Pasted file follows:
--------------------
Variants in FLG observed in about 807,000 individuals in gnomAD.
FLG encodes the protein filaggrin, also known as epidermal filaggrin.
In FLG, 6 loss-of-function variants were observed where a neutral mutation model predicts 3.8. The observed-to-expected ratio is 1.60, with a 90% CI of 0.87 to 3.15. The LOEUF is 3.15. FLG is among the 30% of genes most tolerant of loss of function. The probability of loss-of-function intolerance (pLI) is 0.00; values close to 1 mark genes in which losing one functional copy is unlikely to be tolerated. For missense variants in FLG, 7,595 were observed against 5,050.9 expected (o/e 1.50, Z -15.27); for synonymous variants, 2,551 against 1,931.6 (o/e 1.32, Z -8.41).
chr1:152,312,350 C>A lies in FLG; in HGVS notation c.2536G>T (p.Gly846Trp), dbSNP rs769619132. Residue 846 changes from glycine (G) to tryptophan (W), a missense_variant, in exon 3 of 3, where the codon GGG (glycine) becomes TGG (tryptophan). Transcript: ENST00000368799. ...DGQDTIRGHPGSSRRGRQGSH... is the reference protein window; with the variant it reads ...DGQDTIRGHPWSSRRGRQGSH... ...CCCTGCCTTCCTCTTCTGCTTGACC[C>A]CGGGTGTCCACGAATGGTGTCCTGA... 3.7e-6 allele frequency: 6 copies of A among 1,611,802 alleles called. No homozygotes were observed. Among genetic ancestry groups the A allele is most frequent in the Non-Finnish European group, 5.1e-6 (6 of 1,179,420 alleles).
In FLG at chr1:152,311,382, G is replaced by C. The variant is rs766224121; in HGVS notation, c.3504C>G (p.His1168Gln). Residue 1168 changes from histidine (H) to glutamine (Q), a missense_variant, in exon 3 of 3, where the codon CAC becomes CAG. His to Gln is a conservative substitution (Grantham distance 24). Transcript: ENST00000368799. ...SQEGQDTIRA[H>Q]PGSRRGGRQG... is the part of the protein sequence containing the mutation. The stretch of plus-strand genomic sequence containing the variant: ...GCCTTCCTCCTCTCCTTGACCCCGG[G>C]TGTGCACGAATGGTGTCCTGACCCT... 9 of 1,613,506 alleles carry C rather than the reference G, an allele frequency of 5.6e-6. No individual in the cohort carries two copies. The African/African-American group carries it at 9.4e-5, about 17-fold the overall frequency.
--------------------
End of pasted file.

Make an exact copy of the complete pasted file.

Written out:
Variants in FLG observed in about 807,000 individuals in gnomAD.
FLG encodes the protein filaggrin, also known as epidermal filaggrin.
In FLG, 6 loss-of-function variants were observed where a neutral mutation model predicts 3.8. The observed-to-expected ratio is 1.60, with a 90% CI of 0.87 to 3.15. The LOEUF is 3.15. FLG is among the 30% of genes most tolerant of loss of function. The probability of loss-of-function intolerance (pLI) is 0.00; values close to 1 mark genes in which losing one functional copy is unlikely to be tolerated. For missense variants in FLG, 7,595 were observed against 5,050.9 expected (o/e 1.50, Z -15.27); for synonymous variants, 2,551 against 1,931.6 (o/e 1.32, Z -8.41).
chr1:152,312,350 C>A lies in FLG; in HGVS notation c.2536G>T (p.Gly846Trp), dbSNP rs769619132. Residue 846 changes from glycine (G) to tryptophan (W), a missense_variant, in exon 3 of 3, where the codon GGG (glycine) becomes TGG (tryptophan). Transcript: ENST00000368799. ...DGQDTIRGHPGSSRRGRQGSH... is the reference protein window; with the variant it reads ...DGQDTIRGHPWSSRRGRQGSH... ...CCCTGCCTTCCTCTTCTGCTTGACC[C>A]CGGGTGTCCACGAATGGTGTCCTGA... 3.7e-6 allele frequency: 6 copies of A among 1,611,802 alleles called. No homozygotes were observed. Among genetic ancestry groups the A allele is most frequent in the Non-Finnish European group, 5.1e-6 (6 of 1,179,420 alleles).
In FLG at chr1:152,311,382, G is replaced by C. The variant is rs766224121; in HGVS notation, c.3504C>G (p.His1168Gln). Residue 1168 changes from histidine (H) to glutamine (Q), a missense_variant, in exon 3 of 3, where the codon CAC becomes CAG. His to Gln is a conservative substitution (Grantham distance 24). Transcript: ENST00000368799. ...SQEGQDTIRA[H>Q]PGSRRGGRQG... is the part of the protein sequence containing the mutation. The stretch of plus-strand genomic sequence containing the variant: ...GCCTTCCTCCTCTCCTTGACCCCGG[G>C]TGTGCACGAATGGTGTCCTGACCCT... 9 of 1,613,506 alleles carry C rather than the reference G, an allele frequency of 5.6e-6. No individual in the cohort carries two copies. The African/African-American group carries it at 9.4e-5, about 17-fold the overall frequency.